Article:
Both the pen writers and the shorthand machine users are highly trained and highly skilled in doing their job. They know when they have to interrupt during the proceedings to ensure accuracy. They know how to format accurately, and what spelling questions to ask. They know what research they must do to produce the highest quality transcript. They are licensed officers of the court who are charged with overseeing the chain of custody and the accuracy and the quality of each and every transcript. They are guided by and adhere to ethics and laws, otherwise they are held accountable with fines, suspension, and even revocation of their license.

      Stenographers are highly skilled and highly trained. They are well-equipped to deal with people who have accents and who speak broken English. They know when the noise coming through the window is drowning out the sound of the speakers and so they interrupt and ask for a repeat. They know when speakers talk too fast and they slow them down. They know when two or more speakers talk at once that they must interrupt in order to ensure they get that objection and that answer that were lost within the simultaneous speaking. They oversee the exhibits, keep track of what exhibit is next in order. They can accurately report testimony through an interpreter. They can do realtime-to-attorney jobs and offer a daily final transcript, one-day rough drafts, and expedites.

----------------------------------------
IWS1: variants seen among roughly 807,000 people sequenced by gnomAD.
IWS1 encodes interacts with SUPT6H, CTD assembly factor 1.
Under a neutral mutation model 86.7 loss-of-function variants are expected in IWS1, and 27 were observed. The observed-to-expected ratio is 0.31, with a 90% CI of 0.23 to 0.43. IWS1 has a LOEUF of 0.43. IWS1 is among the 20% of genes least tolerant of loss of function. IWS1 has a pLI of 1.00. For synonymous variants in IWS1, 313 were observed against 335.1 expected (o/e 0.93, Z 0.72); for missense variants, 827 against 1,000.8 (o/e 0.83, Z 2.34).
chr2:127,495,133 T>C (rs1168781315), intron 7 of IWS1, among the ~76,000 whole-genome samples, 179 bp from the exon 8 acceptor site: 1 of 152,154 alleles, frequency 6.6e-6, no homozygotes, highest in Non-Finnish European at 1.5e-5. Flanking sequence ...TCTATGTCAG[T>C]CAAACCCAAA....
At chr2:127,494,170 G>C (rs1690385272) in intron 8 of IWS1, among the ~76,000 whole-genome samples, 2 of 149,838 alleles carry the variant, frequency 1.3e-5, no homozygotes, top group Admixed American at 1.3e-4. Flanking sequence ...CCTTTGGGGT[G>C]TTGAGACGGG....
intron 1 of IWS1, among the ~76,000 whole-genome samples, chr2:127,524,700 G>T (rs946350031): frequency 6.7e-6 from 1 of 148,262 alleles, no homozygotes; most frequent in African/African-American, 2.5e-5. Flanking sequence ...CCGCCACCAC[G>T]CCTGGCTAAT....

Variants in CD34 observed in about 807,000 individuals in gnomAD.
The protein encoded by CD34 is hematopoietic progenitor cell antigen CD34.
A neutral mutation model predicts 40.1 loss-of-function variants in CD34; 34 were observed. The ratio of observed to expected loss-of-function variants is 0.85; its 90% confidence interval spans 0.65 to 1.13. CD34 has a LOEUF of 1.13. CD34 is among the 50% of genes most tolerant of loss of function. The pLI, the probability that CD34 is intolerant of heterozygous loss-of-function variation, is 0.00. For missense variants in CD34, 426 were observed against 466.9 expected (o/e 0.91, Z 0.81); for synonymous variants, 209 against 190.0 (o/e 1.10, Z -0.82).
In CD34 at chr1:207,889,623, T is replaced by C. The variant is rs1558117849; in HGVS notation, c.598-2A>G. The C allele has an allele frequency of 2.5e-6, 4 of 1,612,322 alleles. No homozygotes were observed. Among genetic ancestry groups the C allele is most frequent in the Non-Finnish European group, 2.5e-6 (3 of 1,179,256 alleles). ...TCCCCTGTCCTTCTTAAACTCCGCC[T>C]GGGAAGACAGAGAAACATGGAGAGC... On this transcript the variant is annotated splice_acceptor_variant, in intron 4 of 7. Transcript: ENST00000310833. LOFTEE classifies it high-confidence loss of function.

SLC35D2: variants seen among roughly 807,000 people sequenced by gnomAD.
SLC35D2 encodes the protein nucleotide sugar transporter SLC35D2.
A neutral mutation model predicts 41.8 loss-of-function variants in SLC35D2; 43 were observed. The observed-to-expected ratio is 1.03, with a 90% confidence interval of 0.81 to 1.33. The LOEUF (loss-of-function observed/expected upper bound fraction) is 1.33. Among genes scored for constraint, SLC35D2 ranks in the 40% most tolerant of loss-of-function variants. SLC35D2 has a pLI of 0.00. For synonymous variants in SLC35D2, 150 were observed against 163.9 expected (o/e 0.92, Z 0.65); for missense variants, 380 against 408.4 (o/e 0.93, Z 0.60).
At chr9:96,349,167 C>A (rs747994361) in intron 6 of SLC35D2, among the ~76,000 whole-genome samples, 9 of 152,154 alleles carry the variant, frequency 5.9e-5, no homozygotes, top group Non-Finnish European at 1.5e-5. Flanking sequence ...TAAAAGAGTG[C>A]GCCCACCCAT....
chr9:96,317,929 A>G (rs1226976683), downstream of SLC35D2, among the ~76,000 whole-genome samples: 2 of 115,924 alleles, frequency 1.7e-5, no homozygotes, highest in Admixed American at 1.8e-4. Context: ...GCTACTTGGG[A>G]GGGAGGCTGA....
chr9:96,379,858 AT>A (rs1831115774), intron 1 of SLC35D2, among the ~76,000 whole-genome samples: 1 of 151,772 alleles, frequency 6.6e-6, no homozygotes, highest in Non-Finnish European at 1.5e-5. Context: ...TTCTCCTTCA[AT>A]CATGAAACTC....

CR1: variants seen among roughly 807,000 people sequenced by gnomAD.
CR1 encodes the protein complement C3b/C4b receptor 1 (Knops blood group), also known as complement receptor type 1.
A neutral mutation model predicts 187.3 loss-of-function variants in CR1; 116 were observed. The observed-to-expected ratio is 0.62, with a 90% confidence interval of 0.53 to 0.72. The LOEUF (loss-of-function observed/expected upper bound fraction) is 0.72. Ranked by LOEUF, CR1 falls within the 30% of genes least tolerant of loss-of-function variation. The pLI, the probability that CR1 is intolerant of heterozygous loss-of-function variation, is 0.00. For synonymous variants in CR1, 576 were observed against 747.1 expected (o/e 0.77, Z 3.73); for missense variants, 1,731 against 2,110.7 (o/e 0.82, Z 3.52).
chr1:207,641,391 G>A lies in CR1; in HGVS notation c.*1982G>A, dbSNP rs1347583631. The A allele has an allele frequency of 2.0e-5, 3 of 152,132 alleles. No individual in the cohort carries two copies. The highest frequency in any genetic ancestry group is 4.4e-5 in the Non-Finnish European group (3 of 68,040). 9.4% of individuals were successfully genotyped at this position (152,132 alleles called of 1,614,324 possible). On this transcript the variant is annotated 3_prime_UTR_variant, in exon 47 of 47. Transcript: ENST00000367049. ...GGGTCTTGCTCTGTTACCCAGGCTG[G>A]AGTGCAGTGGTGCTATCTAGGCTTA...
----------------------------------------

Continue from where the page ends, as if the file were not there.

You wrote, “They want someone that is competent with whatever the technology being used and they receive an accurate, certified transcript. End of story.”

      Let’s break that down a bit. We’ll start with the word “competent,” and I will use my own experience as an example.

      To become a stenographer, I had to go to a school which required me to take 3.5 years of academic classes, which were in addition to my classes for machine speed training. The academic classes were as follows: A one-year anatomy and physiology class; three years’ worth of very intense English classes; one semester of law; a medical terminology class; a legal terminology class; a procedures class which included learning transcript formatting, legal language used in formatting, and all the laws that must be abided; and of course vocabulary – a ton of vocabulary. And, of course, I took a technology class that taught me how to use my software — the software that won awards from Microsoft and which enables me to be a better and faster reporter.